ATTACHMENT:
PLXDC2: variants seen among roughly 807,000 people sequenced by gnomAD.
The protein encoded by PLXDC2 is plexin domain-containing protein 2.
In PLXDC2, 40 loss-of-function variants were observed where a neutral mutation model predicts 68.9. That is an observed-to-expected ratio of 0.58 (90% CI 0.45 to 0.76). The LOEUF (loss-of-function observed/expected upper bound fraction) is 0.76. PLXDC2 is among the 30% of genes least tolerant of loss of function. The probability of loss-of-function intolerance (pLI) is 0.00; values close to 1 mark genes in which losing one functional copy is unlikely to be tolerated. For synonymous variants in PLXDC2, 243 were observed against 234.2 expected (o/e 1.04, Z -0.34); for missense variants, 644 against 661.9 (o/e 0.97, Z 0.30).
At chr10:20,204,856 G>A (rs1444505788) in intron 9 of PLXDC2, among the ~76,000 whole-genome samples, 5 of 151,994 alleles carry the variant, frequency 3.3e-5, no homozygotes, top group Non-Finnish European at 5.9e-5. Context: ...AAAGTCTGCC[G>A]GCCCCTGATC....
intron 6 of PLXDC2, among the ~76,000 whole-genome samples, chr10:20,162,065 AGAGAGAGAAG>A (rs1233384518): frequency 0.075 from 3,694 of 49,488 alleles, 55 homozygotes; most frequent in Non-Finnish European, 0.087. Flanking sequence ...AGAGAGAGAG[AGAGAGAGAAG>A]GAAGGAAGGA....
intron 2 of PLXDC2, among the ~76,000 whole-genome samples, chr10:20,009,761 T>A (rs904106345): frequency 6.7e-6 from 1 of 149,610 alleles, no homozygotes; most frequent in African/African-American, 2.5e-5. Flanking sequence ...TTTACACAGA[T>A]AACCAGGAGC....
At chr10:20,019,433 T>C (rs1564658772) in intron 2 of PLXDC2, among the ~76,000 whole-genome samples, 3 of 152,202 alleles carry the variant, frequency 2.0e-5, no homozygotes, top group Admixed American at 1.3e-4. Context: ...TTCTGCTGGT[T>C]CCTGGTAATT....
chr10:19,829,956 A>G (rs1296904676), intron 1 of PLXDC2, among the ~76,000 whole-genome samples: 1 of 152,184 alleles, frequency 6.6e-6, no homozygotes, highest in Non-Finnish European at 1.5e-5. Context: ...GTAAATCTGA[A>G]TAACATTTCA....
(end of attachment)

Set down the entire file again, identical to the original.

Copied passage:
PLXDC2: variants seen among roughly 807,000 people sequenced by gnomAD.
The protein encoded by PLXDC2 is plexin domain-containing protein 2.
In PLXDC2, 40 loss-of-function variants were observed where a neutral mutation model predicts 68.9. That is an observed-to-expected ratio of 0.58 (90% CI 0.45 to 0.76). The LOEUF (loss-of-function observed/expected upper bound fraction) is 0.76. PLXDC2 is among the 30% of genes least tolerant of loss of function. The probability of loss-of-function intolerance (pLI) is 0.00; values close to 1 mark genes in which losing one functional copy is unlikely to be tolerated. For synonymous variants in PLXDC2, 243 were observed against 234.2 expected (o/e 1.04, Z -0.34); for missense variants, 644 against 661.9 (o/e 0.97, Z 0.30).
At chr10:20,204,856 G>A (rs1444505788) in intron 9 of PLXDC2, among the ~76,000 whole-genome samples, 5 of 151,994 alleles carry the variant, frequency 3.3e-5, no homozygotes, top group Non-Finnish European at 5.9e-5. Context: ...AAAGTCTGCC[G>A]GCCCCTGATC....
intron 6 of PLXDC2, among the ~76,000 whole-genome samples, chr10:20,162,065 AGAGAGAGAAG>A (rs1233384518): frequency 0.075 from 3,694 of 49,488 alleles, 55 homozygotes; most frequent in Non-Finnish European, 0.087. Flanking sequence ...AGAGAGAGAG[AGAGAGAGAAG>A]GAAGGAAGGA....
intron 2 of PLXDC2, among the ~76,000 whole-genome samples, chr10:20,009,761 T>A (rs904106345): frequency 6.7e-6 from 1 of 149,610 alleles, no homozygotes; most frequent in African/African-American, 2.5e-5. Flanking sequence ...TTTACACAGA[T>A]AACCAGGAGC....
At chr10:20,019,433 T>C (rs1564658772) in intron 2 of PLXDC2, among the ~76,000 whole-genome samples, 3 of 152,202 alleles carry the variant, frequency 2.0e-5, no homozygotes, top group Admixed American at 1.3e-4. Context: ...TTCTGCTGGT[T>C]CCTGGTAATT....
chr10:19,829,956 A>G (rs1296904676), intron 1 of PLXDC2, among the ~76,000 whole-genome samples: 1 of 152,184 alleles, frequency 6.6e-6, no homozygotes, highest in Non-Finnish European at 1.5e-5. Context: ...GTAAATCTGA[A>G]TAACATTTCA....